Gene expression profiling of purified rat retinal ganglion cells

Ronald H. Farkas, Jiang Qian, Jeffrey L. Goldberg, Harry A. Quigley, Donald J. Zack

Research output: Contribution to journalArticlepeer-review


PURPOSE. The phenotype of specialized cells arises, in part, from their characteristic gene expression patterns. Retinal ganglion cells (RGCs) are of wide interest in neuroscience and die in glaucoma and other optic neuropathies. In this study the genes expressed by RGCs were profiled by expressed sequence tag (EST) analysis. METHODS. ESTs were generated from a cDNA library constructed from RGCs isolated by immunopanning. The RGC genes were compared with published microarray expression profiles from 13 different neural regions. Immunohistochemistry was performed by standard methods. RESULTS. Clustering of 4791 RGC ESTs identified 2360 unique gene clusters. Of these, 60% represented known genes, 27% uncharacterized genes/ESTs, and 13% novel sequence. Unexpectedly, one of the largest RGC clusters, RESP18, corresponded to a neuroendocrine-specific gene preferentially expressed in the hypothalamus. RESP18 immunoreactivity within the retina was found mainly in the RGC layer. DDAH1, a gene involved in nitric oxide metabolism, was localized to RGC and amacrine layers. Comparison of gene expression patterns across neuronal regions revealed a prominent subset of RGC genes that were overexpressed in dorsal root and trigeminal ganglia. To narrow the search for candidate disease-related genes, RGC genes were mapped to known disease loci for optic neuropathies. CONCLUSIONS. This work is one of the first efforts to profile gene expression in a purified population of retinal neurons, the RGCs. The profiling, in addition to revealing both known and novel genes underlying the RGC phenotype, also uncovered common patterns of gene expression between RGCs and other sensory ganglia.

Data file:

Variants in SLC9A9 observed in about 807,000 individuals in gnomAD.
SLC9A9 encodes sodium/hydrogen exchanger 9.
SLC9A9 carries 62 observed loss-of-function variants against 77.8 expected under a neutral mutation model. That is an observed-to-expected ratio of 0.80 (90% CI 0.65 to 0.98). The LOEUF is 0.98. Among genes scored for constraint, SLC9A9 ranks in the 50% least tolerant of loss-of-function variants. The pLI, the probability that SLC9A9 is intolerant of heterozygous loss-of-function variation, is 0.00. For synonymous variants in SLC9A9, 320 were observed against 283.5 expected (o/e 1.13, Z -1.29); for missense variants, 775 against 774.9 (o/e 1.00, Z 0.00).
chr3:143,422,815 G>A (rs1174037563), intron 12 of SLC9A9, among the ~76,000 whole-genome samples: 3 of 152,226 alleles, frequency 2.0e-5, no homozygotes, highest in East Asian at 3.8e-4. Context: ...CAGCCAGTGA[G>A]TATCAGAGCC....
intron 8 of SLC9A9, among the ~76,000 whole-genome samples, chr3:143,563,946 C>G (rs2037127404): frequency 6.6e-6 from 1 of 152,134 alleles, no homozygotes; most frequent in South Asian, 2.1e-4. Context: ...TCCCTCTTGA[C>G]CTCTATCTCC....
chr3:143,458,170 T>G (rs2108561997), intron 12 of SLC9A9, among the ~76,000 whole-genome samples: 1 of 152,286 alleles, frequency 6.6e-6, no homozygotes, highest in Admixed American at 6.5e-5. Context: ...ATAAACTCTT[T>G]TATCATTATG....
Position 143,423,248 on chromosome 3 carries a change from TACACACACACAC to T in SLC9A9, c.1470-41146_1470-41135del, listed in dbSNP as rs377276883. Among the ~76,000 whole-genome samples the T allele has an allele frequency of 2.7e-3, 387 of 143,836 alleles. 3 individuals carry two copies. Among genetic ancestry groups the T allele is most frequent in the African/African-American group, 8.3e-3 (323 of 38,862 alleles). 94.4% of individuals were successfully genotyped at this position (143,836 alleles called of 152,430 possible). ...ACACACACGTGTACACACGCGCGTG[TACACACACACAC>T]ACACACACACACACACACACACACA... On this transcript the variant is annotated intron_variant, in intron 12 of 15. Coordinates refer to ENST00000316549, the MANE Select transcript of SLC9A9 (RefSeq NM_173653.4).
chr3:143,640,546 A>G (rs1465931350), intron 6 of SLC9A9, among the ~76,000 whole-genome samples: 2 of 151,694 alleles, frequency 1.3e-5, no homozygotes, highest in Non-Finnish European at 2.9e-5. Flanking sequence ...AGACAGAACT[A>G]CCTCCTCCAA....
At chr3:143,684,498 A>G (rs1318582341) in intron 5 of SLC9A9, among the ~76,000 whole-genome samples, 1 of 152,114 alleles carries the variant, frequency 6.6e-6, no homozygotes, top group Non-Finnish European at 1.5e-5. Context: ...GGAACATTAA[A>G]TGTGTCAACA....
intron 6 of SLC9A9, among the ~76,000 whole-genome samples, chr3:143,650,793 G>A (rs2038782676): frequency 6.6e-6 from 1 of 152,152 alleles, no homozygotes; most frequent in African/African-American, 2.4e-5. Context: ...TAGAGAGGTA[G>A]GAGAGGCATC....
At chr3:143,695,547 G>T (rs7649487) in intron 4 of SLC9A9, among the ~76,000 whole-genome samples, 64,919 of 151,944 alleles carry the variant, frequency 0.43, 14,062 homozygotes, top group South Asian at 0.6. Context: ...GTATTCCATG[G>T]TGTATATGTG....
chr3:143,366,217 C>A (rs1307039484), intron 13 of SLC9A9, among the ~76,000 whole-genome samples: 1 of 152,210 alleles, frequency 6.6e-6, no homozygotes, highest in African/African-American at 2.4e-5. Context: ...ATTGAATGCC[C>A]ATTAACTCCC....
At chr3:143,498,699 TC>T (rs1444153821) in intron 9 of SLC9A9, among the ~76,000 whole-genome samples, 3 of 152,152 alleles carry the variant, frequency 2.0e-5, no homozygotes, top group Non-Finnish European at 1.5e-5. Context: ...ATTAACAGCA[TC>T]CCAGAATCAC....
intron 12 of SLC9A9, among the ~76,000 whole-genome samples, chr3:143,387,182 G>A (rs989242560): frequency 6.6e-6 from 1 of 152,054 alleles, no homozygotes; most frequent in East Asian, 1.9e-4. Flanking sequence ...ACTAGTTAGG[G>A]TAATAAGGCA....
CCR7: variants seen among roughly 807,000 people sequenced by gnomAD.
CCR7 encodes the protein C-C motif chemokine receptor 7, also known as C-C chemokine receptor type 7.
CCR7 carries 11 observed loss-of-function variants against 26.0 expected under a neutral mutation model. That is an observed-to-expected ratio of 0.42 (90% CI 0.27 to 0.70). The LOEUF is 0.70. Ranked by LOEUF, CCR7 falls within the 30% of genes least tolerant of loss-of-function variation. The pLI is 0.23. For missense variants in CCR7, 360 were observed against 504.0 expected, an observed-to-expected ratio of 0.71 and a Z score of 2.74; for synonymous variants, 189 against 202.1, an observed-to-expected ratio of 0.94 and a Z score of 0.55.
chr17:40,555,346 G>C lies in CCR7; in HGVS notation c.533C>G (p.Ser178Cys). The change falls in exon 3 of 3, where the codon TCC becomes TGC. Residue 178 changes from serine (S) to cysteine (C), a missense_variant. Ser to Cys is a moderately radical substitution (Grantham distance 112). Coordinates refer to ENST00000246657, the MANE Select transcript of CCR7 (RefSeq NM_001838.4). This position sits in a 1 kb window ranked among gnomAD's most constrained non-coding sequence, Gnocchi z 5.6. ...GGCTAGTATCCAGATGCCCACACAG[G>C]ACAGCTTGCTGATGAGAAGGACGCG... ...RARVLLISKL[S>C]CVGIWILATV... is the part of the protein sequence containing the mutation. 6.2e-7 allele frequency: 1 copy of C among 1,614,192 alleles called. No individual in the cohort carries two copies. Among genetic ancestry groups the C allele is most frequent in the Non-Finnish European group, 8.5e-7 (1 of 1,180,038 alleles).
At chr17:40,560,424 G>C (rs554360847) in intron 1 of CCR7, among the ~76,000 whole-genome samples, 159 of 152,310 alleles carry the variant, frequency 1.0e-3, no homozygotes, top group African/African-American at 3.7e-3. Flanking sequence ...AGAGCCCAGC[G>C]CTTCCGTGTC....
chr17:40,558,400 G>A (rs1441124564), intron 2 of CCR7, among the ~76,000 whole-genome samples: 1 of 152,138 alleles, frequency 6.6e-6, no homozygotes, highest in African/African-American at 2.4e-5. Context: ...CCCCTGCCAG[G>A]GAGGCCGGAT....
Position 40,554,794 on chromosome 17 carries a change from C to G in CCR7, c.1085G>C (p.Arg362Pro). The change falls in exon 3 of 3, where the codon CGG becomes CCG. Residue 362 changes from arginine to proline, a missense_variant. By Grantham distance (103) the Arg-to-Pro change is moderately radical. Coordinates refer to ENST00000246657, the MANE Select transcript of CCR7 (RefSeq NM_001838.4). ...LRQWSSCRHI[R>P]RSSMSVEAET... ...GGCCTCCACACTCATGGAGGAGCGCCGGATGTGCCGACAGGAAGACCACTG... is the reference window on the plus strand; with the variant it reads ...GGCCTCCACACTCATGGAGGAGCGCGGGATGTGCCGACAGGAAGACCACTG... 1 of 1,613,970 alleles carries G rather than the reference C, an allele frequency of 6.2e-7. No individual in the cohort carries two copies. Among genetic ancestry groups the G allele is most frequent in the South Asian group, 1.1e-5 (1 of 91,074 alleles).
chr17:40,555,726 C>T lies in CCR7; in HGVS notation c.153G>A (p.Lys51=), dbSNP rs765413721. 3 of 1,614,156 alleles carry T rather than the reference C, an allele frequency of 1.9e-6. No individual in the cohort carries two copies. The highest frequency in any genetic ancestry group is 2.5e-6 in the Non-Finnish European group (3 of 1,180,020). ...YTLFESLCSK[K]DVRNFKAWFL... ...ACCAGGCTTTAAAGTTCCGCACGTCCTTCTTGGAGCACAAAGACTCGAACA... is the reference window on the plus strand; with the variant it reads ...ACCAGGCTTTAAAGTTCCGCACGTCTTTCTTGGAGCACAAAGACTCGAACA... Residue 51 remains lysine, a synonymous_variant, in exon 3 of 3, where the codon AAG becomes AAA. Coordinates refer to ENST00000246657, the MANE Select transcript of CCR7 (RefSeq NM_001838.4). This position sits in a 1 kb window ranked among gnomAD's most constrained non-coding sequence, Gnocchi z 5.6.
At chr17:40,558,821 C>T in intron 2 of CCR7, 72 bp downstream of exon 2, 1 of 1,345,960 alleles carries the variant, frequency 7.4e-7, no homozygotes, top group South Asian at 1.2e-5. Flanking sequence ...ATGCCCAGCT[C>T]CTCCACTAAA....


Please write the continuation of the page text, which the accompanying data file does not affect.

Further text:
Original languageEnglish (US)
Pages (from-to)2503-2513
Number of pages11
JournalInvestigative Ophthalmology and Visual Science
Issue number8
StatePublished - Aug 2004

ASJC Scopus subject areas

  • Ophthalmology
  • Sensory Systems
  • Cellular and Molecular Neuroscience


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